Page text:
Virtual Fidgets

Fidget spinners and cubes exploded in popularity a few years ago. Initially, this was fantastic because it meant that neuro-divergent children (and adults) could incorporate fidgeting and stimming into their lives in a way that was not ridiculed or mocked by those around them. Of course, like with most fads that kids get into, eventually schools began banning fidgets as “distractions.” This backfired because there are kids who focus better when they are permitted to fidget. At this point, many teachers have come to an appropriate balance between minimizing distractions in the classroom but allowing kids with ADHD, Autism, anxiety, or other conditions to move in ways that help them learn.

Photo by Sebastian Voortman on Pexels.com

I have over a dozen different fidget spinners in my office, not to mention fidget cubes, stress balls, and other sensory items. Since these items are less popular than they were in about 2017, I can give parents recommendations to buy these items for their kids at a fairly low price too.

I’ve talked before about Antistress, an app with several different virtual fidget options. This is one of my favorite therapeutic apps, but like most apps, there is not a version that can be used on a laptop or desktop computer. Kids can use physical fidgets during telehealth sessions, but some kids engage better in a telehealth session if I can keep their focus on the screen rather than on a physical item in their home.

Virtual fidget spinners are available here and here. A virtual fidget cube is available here. And this website has a variety of virtual fireworks games, which are great both for fidgets and for a visual sensory intervention.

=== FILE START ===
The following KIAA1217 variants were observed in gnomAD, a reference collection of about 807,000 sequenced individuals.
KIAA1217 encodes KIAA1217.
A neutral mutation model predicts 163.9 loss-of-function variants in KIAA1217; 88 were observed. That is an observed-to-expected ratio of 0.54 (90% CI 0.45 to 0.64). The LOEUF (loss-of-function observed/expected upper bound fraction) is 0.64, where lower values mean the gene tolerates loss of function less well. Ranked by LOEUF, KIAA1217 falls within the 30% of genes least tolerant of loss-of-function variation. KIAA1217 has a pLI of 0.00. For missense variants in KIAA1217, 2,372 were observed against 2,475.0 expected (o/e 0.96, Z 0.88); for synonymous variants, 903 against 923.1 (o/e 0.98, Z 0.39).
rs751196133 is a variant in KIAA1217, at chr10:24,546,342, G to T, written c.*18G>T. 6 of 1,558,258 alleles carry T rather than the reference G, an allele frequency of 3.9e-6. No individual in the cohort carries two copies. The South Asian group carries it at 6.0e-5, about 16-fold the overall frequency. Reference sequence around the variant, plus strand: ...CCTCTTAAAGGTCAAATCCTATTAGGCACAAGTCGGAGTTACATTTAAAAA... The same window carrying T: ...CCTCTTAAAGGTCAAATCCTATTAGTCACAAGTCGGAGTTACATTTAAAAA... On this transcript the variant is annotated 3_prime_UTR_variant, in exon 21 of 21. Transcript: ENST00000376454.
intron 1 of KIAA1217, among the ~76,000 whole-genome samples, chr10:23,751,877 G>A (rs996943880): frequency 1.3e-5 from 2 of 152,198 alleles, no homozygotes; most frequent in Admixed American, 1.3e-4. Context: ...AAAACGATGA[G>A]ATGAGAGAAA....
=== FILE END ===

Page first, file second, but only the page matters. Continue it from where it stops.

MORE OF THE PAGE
What virtual fidgets have you used in your telehealth sessions?

Published by Dr Marschall

Dr. Amy Marschall received her Psy.D. from the University of Hartford in September 2015. Her clinical interests are varied and include child and adolescent therapy, TF-CBT, rural psychology, telemental health, sexual and domestic violence, psychological assessment, and mental illness prevention. Dr. Marschall presently works in the Child and Adolescent Therapy Clinic at Sioux Falls Psychological Services in Sioux Falls, South Dakota, where she provides individual and family therapy and psychological assessment to children, adolescents, and college students. She also facilitates an art therapy group for adolescents and college students with anxiety and depression. Dr. Amy Marschall is certified in Trauma-Focused Cognitive Behavioral Therapy and Telemental Health.

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